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  3. Sorry I also missed this originally Jonathan.

    My scores would be:
    - Craftsmen 7
    - Games monthly
    - Historian 8 (reckon I might have more books than painted figs ... just kidding a little)
    - Size of collection 10k +

    Hope it is useful
    Richard

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    1. I appreciate your contribution, Richard!

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  4. It would make sense that there might be some negative correlation between collection size and "craft; if it takes less time to paint each figure, you can paint more figures in the same amount of time. However, there are obviously many other factors at play. For example, painting at all is a big commitment of time and effort, and especially as the collection grows (and you've had more practice and are fully committed) you may care more about quality than you did earlier on in your days in the hobby. Also, I suspect bloggers are more likely to care about quality("craft") as their work is on display in a fashion that the actual figures are usually not, and they are constantly exposed to fine painting by many other bloggers!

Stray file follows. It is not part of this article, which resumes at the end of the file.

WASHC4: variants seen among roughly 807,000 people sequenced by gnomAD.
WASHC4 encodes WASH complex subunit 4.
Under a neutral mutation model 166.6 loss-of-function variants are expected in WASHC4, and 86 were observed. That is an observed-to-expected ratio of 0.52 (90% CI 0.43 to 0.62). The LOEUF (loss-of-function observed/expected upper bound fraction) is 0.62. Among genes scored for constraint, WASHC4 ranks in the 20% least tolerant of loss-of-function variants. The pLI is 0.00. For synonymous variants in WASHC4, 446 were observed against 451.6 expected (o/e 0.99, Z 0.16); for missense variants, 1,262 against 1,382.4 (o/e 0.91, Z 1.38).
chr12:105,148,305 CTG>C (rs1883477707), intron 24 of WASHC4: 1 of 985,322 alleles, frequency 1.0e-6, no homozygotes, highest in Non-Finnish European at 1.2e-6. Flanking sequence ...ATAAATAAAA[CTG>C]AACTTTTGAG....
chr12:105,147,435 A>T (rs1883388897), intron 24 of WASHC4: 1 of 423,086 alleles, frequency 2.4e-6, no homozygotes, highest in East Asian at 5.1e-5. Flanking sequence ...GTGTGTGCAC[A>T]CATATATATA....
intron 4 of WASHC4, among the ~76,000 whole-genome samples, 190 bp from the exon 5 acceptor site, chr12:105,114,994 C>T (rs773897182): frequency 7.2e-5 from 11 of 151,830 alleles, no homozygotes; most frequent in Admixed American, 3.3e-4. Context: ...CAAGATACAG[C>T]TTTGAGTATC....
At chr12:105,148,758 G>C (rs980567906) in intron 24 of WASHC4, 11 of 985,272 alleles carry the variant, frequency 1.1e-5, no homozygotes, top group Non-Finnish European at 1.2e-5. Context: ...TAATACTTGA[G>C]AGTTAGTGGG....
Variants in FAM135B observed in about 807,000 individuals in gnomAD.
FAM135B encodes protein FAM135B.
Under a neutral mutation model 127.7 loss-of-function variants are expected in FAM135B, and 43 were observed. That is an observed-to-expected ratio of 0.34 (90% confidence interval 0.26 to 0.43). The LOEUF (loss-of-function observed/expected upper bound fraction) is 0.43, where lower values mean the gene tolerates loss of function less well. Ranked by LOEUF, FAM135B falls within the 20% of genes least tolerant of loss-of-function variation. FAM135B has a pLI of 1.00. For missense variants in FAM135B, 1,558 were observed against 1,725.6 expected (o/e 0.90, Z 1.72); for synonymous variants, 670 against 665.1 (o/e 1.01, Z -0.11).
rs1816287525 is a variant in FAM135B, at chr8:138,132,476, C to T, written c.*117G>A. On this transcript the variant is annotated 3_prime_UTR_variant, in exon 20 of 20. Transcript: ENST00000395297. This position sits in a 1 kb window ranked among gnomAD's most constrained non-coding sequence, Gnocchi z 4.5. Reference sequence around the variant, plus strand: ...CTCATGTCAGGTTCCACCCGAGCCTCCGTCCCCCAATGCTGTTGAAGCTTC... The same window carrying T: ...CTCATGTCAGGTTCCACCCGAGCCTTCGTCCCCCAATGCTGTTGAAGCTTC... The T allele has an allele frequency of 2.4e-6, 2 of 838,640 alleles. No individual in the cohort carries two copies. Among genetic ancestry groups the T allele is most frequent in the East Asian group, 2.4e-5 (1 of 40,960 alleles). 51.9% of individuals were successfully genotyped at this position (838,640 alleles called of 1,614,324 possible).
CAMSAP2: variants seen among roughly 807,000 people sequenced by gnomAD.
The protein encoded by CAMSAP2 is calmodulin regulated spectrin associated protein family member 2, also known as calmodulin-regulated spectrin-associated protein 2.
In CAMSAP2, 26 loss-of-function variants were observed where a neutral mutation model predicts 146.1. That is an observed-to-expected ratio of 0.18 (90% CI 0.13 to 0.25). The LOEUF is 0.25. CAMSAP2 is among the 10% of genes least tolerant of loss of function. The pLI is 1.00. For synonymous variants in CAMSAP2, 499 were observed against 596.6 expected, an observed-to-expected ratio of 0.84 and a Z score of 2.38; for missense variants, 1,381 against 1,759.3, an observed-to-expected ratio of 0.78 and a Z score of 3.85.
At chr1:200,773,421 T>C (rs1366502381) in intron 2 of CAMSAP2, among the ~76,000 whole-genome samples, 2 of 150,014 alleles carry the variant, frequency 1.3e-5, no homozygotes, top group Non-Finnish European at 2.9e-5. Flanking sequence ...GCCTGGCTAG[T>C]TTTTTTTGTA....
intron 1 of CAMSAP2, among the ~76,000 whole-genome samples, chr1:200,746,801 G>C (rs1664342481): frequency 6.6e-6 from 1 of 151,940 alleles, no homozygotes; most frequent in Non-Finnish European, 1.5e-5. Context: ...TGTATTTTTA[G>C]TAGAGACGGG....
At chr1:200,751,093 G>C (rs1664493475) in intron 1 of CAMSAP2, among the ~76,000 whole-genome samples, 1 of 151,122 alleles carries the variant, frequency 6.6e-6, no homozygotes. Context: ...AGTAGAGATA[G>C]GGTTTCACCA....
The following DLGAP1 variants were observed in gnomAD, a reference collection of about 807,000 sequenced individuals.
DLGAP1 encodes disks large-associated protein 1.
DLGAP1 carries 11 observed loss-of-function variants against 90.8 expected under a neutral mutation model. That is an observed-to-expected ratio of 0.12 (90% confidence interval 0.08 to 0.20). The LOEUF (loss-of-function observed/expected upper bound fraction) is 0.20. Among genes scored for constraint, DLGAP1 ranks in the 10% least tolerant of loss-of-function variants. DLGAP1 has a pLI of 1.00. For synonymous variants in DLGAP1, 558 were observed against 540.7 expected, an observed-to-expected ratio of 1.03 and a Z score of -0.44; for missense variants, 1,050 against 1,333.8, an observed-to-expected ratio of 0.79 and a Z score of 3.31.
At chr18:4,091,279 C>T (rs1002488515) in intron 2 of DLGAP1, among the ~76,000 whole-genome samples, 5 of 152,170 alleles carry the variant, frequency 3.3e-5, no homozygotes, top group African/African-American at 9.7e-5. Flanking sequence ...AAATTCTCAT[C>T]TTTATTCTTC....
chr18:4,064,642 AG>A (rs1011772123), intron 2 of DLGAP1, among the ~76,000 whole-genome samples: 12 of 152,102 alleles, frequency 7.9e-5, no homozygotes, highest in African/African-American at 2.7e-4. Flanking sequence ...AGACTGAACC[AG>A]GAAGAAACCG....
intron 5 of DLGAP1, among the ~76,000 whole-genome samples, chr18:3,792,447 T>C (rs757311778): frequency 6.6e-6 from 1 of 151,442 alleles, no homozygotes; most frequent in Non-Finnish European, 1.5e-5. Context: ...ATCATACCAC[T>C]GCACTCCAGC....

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    1. Impeccable logic, Sir! Our hobby does require a large time commitment and a lengthy lead time from concept to deployment for battle. The other factors may be what confounds the negative correlation between collection size and quality. I do know guys who can really crank out high quality figures at a sustainable rate.